The former manager of The Killers - Braden Merrick - has decided that the time is right for an angry fist and an "I made you": he wants the band to accept they broke a contract with him and that he deserves $16million in return.
Sixteen million bucks? How much money does he think they've made off their sales to date? If he thinks that's a fair cut, then his knowledge of the music industry must be so poor he should be reinstated at once, purely so he can be sacked again.
Don't, whatever you do, under any circumstances, call Lindsay Lohan a 'teen queen'.
Presumably, she feels that the whole thing diminishes her, uh, many talents (is having a car-crash father and many car crashes actually talent?). However, as she's 19 and in no sense either metaphorical or literal a queen, she should just hang on a few months and the name will expire.
With Michael Jackson facing growing cash problems, and unsettled bills with his vet (not to mention problems with gas and electricity and unpaid staff) the animals from Neverland's "zoo" are starting to be removed. The llamas, camels and some others have left; left behind are tigers and elephants but we're prepared to bet they're just negotiating an exit strategy.
Meanwhile, it seems that the plans for Citigroup to take on Jacko's debt have started to fall to pieces...
You might have thought that Bono spent his evenings sat in the lounge with the lights off, wondering how it is that he's come to be George Bush's spokesperson. But no, financial trader Bono is quite chipper about being so close to the No Child Left Unbombed president:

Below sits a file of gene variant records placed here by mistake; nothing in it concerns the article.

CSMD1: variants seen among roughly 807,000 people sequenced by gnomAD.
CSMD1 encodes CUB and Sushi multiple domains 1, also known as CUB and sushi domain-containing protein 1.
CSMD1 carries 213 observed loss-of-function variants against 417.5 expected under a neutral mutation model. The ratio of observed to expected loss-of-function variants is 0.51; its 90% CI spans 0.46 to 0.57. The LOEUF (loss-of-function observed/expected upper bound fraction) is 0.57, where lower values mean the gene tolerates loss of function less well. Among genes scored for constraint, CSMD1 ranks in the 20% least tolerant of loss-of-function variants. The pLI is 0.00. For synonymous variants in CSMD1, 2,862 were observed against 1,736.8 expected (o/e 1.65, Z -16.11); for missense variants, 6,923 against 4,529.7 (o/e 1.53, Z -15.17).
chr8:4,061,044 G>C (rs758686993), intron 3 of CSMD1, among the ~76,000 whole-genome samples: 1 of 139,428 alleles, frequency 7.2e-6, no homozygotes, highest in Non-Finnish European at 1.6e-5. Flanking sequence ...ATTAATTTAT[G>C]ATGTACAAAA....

“We have had lots of rows and we have denounced the Bush administration when they have made mistakes, but we're not placarding and throwing rotten tomatoes at people who are trebling our aid to Africa.”
Now, we here at No Rock are quite close followers of Bono and his doings, and we're a little surprised to hear about these 'denunciations' of the White House – we remember a little gentle chiding of the Canadian Premier, but we seem to have missed something as serious as a denunciation of George W Bush. Perhaps it was a private denunciation, which would hardly be to denounce at all.
After all, Bono does tend to give Bush a really easy ride – take, for example, that bit about Bush "trebling our aid to Africa" (interesting use of the word 'our' there – is Bono speaking as an American citizen or a member of the Bush administration?). Who says that Bush has trebled US Aid to Africa? Not many people, apart from Bush himself – unfortunately, it's simply not true. Independent research by the Brooking Institution has discovered that by the time you look at what Bush pledged, what Congress actually signed off on, and what proportion of that has been spent, and take into account the Bush administration pretending Clinton's spending was lower than it actually was, there's been at best a 56% increase in actual aid money being spent. And a big chunk of that was emergency food aid, rather than funds for development.
Bono's generous decision to go with what Bush says he's doing rather than judging him on his actions is what one would expect from a friend; and this friendliness is returned by the White House, who are able to use Bono's frequent and fulsome praise as "evidence" of how generously they're treating the developing world – for they must be, because Bono would surely never praise empty gestures, would he? It's a virtuous circle, in which everyone wins. (Okay, maybe not any Africans win, but it's a hard world, isn't it?)